ENDOWMENT: No, I don't think it's that. You know, you said at the outset that you thought that, you know, Russia was Syria's most powerful ally. That's not what Russia is. Russia is a diplomatic umbrella for Syria that prevents the U.N. Security Council from reaching consensus. Syria's most important military partner is, of course, Iran and Hezbollah. In this case, the Russian defense establishment, if you stack up their total sales, Syria, I think, is in about seventh or eighth place annually. It's a significant client, but, you know, arms sales is not the, again, not the big driver here.
HOBSON: So what is the big driver?
ENDOWMENT: I think there's about two or three things the Russian government is focused on. The first is that they're fundamentally uncomfortable with the idea of humanitarian intervention. We saw that in Libya, where the Russians basically held their nose and abstained and allowed the U.S. and its Arab partners to pursue a campaign that ended up dislodging the government of Moammar Gadhafi. The Russians don't want to see that precedent firmly established, especially not in the region, and they don't want to do it in a way that leaves the Security Council out of the picture.
The second issue for the Russians is they see that there's a big conflict brewing between Sunni and Shia governments in the Middle East. For the most part, Russia sympathizes with the Shia end of that equation. And so, so long as Syria, Iran and Hezbollah remain basically an axis of collaborative powers, Russia doesn't want to see the Sunni monarchies get the upper hand. It views the Sunni monarchies with great suspicion, suspects that they're fostering insurgencies inside Russia or along Russia's southern frontier.
And the final concern, I think, for the Russians is simply they just don't like seeing the U.S. throws its weight around. And they want to have the United States have to reckon with the more powerful, more serious Russia on the global stage. And in this case, it really looks like the U.S. is not choosing to take Russia's views to heart, and that just rankles Russia's sensitivities.
HOBSON: Yeah. I saw that Russia's deputy prime minister tweeted this week that, quote, "The West is playing with the Islamic world like a monkey with a grenade."
ANDREW WEISS: Right. I think this kind of thrash talking is something that the Russians excel at. Unfortunately, it also sort of casts, you know, a doubt about, well, what is it Russia really stands for? If, you know, the Russians are interested in promoting stability in an end to this conflict after the loss of 100,000 lives, you'd want to see something meaningful happening on the diplomatic track. But so far, the Russians have not been a significant block on Assad's freedom of action. And if anything, the diplomatic top cover at the U.N. has given Assad more of a free hand.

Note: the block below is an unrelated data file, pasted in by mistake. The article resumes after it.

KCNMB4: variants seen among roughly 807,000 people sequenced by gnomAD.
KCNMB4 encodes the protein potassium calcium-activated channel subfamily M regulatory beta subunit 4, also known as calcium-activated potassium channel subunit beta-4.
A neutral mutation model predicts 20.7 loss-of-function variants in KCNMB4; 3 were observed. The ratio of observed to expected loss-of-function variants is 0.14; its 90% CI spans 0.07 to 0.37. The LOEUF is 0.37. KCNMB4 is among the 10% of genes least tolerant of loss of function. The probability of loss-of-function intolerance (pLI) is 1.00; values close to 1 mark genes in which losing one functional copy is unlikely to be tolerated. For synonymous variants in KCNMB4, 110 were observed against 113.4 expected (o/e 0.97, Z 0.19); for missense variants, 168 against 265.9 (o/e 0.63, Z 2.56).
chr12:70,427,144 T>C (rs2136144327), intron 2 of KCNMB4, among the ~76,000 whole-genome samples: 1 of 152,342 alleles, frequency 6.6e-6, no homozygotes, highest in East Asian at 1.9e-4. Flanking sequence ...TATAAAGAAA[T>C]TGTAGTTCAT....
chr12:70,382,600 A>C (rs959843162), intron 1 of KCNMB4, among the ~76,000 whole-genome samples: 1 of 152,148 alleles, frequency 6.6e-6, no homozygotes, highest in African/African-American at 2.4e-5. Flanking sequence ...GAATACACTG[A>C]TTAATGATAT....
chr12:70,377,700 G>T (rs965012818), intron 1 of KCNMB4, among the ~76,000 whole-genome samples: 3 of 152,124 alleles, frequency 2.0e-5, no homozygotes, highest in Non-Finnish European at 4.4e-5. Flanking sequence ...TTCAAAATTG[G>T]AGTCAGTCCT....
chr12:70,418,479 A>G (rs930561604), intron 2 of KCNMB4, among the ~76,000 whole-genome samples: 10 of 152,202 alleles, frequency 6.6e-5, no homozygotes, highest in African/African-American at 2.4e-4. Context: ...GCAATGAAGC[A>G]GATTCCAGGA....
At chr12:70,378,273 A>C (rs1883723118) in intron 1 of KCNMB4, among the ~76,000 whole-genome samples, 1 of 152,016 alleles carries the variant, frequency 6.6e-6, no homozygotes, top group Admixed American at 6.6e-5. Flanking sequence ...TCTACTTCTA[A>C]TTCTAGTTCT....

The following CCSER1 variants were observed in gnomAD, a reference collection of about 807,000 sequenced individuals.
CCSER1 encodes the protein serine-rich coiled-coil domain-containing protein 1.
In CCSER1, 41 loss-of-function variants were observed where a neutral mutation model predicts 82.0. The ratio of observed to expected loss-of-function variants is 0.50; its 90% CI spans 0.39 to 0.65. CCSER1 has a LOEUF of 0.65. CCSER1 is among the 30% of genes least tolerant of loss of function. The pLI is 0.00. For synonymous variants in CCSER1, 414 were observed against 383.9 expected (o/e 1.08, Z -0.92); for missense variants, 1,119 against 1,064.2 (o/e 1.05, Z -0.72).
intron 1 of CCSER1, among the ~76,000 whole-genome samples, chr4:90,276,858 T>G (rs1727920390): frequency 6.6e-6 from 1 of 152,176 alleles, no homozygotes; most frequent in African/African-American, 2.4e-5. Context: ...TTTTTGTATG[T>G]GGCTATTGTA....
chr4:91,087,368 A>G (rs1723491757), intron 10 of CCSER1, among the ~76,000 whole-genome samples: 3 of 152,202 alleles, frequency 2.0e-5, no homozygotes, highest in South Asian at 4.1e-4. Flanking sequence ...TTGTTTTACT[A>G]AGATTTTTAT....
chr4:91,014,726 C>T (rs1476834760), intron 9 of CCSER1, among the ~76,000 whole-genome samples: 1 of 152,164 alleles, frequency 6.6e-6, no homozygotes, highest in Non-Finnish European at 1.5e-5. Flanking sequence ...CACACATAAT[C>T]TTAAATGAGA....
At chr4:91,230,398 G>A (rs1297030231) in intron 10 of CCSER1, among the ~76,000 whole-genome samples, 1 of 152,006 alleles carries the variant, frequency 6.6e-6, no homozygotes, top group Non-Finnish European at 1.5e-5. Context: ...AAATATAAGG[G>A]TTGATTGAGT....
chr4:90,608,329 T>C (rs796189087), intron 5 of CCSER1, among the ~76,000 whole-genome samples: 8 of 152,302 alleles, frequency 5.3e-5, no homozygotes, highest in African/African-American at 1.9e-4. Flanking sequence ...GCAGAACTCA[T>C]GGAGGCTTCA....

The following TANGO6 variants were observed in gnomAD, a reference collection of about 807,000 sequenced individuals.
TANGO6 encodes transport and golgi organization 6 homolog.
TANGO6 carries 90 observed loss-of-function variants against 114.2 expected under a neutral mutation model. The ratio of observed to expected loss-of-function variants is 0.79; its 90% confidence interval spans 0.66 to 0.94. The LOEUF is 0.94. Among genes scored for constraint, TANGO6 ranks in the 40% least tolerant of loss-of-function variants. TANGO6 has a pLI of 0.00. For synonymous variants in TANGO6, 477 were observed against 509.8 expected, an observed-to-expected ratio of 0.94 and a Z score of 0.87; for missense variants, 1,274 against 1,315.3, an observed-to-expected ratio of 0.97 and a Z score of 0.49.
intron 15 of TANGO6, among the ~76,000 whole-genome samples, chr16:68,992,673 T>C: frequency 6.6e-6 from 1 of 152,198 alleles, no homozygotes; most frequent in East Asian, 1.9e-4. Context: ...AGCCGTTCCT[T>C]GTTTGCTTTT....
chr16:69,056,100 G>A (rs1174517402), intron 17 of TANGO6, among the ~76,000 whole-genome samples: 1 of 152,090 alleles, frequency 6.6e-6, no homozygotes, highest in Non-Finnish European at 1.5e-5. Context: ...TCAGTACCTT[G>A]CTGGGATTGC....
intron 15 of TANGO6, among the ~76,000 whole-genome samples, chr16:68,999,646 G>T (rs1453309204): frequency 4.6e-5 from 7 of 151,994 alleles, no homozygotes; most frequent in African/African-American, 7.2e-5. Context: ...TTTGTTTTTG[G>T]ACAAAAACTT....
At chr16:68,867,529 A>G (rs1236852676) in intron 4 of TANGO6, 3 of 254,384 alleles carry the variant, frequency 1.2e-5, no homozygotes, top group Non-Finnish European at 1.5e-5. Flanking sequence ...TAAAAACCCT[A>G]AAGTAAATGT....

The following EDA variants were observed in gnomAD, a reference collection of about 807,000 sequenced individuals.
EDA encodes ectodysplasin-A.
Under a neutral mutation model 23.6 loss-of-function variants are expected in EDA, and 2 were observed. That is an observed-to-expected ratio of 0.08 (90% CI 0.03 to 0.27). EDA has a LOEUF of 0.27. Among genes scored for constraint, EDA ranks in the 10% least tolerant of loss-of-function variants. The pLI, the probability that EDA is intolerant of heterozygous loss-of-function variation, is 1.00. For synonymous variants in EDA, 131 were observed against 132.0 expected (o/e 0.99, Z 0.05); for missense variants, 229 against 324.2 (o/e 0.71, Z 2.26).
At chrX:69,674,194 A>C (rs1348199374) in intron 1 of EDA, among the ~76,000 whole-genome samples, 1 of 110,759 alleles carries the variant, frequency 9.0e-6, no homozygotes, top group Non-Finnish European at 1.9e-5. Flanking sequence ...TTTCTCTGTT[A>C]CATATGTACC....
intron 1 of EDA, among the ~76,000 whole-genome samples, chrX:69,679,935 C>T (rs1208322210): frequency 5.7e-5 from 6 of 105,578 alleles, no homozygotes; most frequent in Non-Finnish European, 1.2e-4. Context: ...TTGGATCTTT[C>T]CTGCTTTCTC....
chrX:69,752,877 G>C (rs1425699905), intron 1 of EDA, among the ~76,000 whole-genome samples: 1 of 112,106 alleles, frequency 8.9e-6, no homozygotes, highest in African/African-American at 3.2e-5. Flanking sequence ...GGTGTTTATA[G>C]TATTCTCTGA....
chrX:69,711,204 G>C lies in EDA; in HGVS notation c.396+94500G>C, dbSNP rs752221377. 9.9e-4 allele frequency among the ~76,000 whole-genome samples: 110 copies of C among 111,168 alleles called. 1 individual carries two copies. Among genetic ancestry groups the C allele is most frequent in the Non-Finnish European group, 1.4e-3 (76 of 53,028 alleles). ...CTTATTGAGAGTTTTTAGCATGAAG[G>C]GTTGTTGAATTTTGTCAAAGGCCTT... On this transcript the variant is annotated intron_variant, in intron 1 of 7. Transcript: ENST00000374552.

But the other thing we got to remember is that there's been a vacuum for the past two years. The U.S., particularly President Obama, has been extremely reluctant to get involved, and Russia stepped into that vacuum quite energetically.
HOBSON: What about the idea, and I've seen it written, that perhaps President Putin feels some concern that if a strong man falls in Syria, then somehow it makes him more vulnerable?
WEISS: I think the Russians look at this as part of a bigger pattern, and they wonder is, you know, the U.S. agenda here always about regime change? And we use the language of democracy to cloak our real objectives. So they look at what happened in Libya. They looked to what happened in Egypt. They've looked at what's happened in Balkans in the 1990s.
And to them, it fits this big pattern of the U.S. promoting regime change, and they very much feel uncomfortable with that and they do look at these threats through the lens of domestic politics, where Putin and others worry about their hold on power. They feel a great distance from the Russian people, in general, and they're just worried about the U.S. might be up to.
HOBSON: And, of course, President Obama is going to be in Russia next week for a summit of the G20. Russia is the host. The White House has, as we've reported, canceled bilateral meetings with Russian President Putin, but still probably an awkward meeting next week. Do you think that it's going to play in to any military decisions from the United States over Syria?
WEISS: I think that the fact the president's trip next week creates a lot of awkwardness for the administration, and I'm sure anyone who's got to plan trips like that is really sweating at the moment trying to figure out how to deconflict what might be happening in the Middle East with what's happening in terms of the president's personal whereabouts. I'm not sure we're going to see a meeting between President Putin and President Obama next week. It's really too early to tell. Things are moving fast.
HOBSON: Andrew Weiss, vice president of studies at the Carnegie Endowment. Thank you so much.
WEISS: Thank you.
HOBSON: And we'll be back in a minute with more. HERE AND NOW. Transcript provided by NPR, Copyright NPR.